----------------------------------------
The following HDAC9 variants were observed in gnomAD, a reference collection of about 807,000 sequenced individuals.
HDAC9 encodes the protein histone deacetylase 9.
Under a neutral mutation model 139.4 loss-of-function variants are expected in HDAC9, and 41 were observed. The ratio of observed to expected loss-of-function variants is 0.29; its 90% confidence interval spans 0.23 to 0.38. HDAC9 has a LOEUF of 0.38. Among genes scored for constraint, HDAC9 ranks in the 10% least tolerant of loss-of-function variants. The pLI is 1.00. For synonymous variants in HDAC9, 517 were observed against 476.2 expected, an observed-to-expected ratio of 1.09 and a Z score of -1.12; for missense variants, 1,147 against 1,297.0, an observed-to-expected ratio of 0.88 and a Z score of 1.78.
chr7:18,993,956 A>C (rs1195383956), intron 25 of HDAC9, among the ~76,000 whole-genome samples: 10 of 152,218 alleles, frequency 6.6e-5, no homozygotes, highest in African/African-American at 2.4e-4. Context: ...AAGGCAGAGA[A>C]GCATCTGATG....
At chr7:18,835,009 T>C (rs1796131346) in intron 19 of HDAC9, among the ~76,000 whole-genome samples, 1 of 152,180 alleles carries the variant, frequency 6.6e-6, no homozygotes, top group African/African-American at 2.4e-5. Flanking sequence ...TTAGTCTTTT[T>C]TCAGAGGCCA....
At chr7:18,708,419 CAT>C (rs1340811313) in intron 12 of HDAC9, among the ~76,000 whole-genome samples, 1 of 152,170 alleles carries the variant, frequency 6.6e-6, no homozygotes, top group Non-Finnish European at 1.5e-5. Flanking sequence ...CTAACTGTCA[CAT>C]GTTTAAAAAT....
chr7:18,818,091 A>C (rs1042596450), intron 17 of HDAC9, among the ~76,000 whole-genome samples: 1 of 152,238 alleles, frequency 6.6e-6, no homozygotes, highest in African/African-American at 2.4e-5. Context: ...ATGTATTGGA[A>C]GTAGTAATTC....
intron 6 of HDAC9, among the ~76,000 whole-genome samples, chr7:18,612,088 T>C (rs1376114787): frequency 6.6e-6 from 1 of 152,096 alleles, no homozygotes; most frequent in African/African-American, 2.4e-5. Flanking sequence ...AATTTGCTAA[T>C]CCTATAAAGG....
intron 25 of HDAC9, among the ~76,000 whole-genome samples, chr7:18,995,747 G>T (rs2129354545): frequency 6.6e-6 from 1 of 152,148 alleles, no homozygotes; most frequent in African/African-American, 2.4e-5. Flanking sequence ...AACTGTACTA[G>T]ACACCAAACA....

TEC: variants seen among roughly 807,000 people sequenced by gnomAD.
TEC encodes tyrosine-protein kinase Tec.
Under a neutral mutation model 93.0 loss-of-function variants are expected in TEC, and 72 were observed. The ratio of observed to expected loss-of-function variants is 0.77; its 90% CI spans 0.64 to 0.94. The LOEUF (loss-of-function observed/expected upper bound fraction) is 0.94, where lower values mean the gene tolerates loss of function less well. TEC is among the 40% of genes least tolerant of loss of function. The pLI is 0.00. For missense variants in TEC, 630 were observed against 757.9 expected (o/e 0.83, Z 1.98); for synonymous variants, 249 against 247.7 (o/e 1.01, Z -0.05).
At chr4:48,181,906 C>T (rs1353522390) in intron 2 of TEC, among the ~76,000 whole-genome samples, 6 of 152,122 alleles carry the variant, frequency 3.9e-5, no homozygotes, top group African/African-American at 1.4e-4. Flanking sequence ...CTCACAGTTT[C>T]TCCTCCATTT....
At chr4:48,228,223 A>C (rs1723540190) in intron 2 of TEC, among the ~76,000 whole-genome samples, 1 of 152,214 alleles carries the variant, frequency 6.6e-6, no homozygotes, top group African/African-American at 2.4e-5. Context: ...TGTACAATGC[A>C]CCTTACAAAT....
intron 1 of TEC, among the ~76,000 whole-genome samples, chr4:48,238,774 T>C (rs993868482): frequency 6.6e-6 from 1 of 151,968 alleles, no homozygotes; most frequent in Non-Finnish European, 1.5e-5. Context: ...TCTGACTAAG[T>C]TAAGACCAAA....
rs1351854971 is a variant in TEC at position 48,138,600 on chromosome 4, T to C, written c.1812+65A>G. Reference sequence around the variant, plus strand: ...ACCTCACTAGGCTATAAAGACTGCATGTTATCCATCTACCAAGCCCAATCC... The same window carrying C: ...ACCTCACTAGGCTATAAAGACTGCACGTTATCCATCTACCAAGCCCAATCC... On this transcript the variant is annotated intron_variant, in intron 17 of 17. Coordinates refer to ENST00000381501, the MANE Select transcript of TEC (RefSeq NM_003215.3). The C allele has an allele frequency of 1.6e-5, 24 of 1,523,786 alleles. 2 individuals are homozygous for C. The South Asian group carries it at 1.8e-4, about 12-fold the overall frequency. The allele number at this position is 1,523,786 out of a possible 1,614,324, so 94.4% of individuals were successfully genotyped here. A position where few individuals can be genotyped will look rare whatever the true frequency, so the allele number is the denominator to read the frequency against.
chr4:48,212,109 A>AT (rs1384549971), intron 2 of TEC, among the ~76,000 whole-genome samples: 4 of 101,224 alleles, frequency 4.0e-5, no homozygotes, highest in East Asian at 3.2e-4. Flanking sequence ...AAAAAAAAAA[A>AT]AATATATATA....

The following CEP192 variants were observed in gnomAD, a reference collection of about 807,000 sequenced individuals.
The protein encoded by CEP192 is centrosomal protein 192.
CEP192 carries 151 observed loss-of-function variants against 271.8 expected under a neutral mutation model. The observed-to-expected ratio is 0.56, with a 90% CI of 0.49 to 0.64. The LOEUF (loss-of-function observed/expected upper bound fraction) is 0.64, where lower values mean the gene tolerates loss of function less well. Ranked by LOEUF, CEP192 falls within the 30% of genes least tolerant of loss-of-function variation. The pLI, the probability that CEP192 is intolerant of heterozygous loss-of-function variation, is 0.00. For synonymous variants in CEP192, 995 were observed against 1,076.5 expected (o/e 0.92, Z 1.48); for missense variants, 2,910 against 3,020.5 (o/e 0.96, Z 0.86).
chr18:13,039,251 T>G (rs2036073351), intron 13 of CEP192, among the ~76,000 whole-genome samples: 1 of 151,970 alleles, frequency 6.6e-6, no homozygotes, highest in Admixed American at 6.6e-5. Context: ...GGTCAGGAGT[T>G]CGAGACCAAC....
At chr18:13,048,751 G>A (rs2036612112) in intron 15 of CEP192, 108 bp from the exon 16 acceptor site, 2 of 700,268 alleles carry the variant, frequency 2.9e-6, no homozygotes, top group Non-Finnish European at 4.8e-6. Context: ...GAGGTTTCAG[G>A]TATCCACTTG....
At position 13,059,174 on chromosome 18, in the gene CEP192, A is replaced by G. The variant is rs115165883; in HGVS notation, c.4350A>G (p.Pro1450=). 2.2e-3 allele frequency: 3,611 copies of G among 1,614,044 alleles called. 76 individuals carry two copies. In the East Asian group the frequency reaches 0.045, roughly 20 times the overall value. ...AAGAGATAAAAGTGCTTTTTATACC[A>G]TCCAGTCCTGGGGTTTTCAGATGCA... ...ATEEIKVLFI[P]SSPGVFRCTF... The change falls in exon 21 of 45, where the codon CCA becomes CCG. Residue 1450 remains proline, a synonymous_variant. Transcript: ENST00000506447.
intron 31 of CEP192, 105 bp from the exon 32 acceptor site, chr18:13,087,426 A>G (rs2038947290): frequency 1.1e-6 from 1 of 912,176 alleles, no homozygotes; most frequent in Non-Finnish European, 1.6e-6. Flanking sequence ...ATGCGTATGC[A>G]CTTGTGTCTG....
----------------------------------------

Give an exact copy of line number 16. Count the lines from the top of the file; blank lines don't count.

rs1351854971 is a variant in TEC at position 48,138,600 on chromosome 4, T to C, written c.1812+65A>G. Reference sequence around the variant, plus strand: ...ACCTCACTAGGCTATAAAGACTGCATGTTATCCATCTACCAAGCCCAATCC... The same window carrying C: ...ACCTCACTAGGCTATAAAGACTGCACGTTATCCATCTACCAAGCCCAATCC... On this transcript the variant is annotated intron_variant, in intron 17 of 17. Coordinates refer to ENST00000381501, the MANE Select transcript of TEC (RefSeq NM_003215.3). The C allele has an allele frequency of 1.6e-5, 24 of 1,523,786 alleles. 2 individuals are homozygous for C. The South Asian group carries it at 1.8e-4, about 12-fold the overall frequency. The allele number at this position is 1,523,786 out of a possible 1,614,324, so 94.4% of individuals were successfully genotyped here. A position where few individuals can be genotyped will look rare whatever the true frequency, so the allele number is the denominator to read the frequency against.